Understanding why we CANNOT raise the debt limit.

Currently, the debt limit is $14.2 trillion for a population that was 307 million people in 2009.  That’s about $46254 per person in the United States.  Now, this isn’t like a mortgage, this is like a credit card.  It is unsecured debt.  That’s like saying that each person in the US has a credit card with a limit of $46,254 dollars on it, that you gave to your crazy uncle (Sammy).  Now Sammy is coming to you and asking you to increase the limit on “your” credit card.

Does that sound crazy?  Try this for size, a large number of people in the US don’t make that much per year.  Most kids are doing well if they get $1000 in allowance and presents.  A teenager who manages to get a part-time job at McDonald’s might make as much as $7.25*30 hours*52 weeks = $11,310.  If you were a bank, would you give those kids a LARGER credit limit?  Heck, if I were a bank, I wouldn’t give MYSELF more than $1000-$2000 of unsecured debt.

So, how should we rationalize this?  Well, the 2009 GDP was $14.12 trillion, so that would mean every person has an unsecured credit limit equal to their annual income.  So, every child deserves a credit card equivalent to their allowance?  Oh, and this isn’t a credit card with a 0 balance, this is a MAXED OUT credit card.  So, if you feel like the “rich” should take on more of the debt, you’re still in hock at the rate of your annual gross income.  That’s in addition to any credit cards you may already have.

So, how would you react to a tight budget when you don’t have enough income to cover your bills?  I would start finding things to cut.  I can get rid of my internet access and use the library’s.  I can live without cable.  I will even eat out less and cook more.  Ultimately, some people even accept that they can’t afford their own home, and move into a smaller, and cheaper, apartment.  In other words, most people do NOT go to their credit card banks and ask for a higher limit.  They figure out how to live in their means.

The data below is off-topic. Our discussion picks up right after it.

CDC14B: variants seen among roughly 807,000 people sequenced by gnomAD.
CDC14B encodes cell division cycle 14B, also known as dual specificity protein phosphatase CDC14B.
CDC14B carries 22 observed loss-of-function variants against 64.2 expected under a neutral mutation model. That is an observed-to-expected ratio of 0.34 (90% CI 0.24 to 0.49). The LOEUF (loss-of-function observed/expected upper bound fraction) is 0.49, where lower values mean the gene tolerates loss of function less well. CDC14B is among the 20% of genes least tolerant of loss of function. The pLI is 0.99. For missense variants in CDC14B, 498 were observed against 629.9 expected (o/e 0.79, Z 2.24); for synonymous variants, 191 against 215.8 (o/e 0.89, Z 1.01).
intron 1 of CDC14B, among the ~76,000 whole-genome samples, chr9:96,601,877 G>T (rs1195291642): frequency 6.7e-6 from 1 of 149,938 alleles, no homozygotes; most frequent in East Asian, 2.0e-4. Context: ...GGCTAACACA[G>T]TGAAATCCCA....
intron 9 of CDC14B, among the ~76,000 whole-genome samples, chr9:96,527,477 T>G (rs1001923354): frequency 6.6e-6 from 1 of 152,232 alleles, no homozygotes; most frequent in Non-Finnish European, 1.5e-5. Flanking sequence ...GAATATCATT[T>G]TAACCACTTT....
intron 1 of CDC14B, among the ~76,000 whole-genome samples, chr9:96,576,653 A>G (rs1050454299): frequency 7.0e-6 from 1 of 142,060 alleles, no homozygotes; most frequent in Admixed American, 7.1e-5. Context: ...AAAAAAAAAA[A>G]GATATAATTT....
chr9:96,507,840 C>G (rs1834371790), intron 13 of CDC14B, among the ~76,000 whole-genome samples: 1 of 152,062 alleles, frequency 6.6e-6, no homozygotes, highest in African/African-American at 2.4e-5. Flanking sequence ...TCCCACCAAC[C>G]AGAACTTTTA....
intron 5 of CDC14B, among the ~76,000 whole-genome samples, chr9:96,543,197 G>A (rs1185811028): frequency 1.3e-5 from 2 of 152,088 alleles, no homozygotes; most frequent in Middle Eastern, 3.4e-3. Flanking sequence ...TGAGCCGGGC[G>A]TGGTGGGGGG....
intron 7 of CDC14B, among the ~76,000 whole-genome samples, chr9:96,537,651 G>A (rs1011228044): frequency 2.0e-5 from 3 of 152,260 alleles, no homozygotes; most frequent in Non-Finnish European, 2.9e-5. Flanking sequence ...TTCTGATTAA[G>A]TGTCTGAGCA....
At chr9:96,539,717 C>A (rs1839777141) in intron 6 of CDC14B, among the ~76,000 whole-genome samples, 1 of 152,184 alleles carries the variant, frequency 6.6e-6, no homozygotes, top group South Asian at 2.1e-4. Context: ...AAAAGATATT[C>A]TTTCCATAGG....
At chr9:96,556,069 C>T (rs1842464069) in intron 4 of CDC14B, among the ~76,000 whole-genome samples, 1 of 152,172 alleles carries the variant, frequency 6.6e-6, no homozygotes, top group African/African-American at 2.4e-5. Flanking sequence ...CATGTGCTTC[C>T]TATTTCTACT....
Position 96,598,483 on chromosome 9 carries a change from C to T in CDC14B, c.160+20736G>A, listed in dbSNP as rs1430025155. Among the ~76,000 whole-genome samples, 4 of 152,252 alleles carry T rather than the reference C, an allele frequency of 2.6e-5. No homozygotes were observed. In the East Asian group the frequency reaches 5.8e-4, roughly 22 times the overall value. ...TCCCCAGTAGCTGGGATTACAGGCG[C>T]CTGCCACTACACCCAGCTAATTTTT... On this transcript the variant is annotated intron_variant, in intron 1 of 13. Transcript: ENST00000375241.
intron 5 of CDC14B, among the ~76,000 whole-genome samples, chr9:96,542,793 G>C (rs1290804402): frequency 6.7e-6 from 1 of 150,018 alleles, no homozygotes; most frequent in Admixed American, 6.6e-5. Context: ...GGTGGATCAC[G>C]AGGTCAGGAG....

The government is no different.  It has to live within its means.  Raising the debt limit is not doing that.  Now, does it suck to give up things you really like, such as cable and cell phones?  Of course it does.  Does it suck to not eat out as much?  Of course.  So will it suck for the government to stop providing certain services?  Of course it will.  On the other hand, if the government stops providing certain services, it will result in private enterprise having the chance to provide those services instead.  That might help reduce unemployment!  Sounds like a win-win to me.

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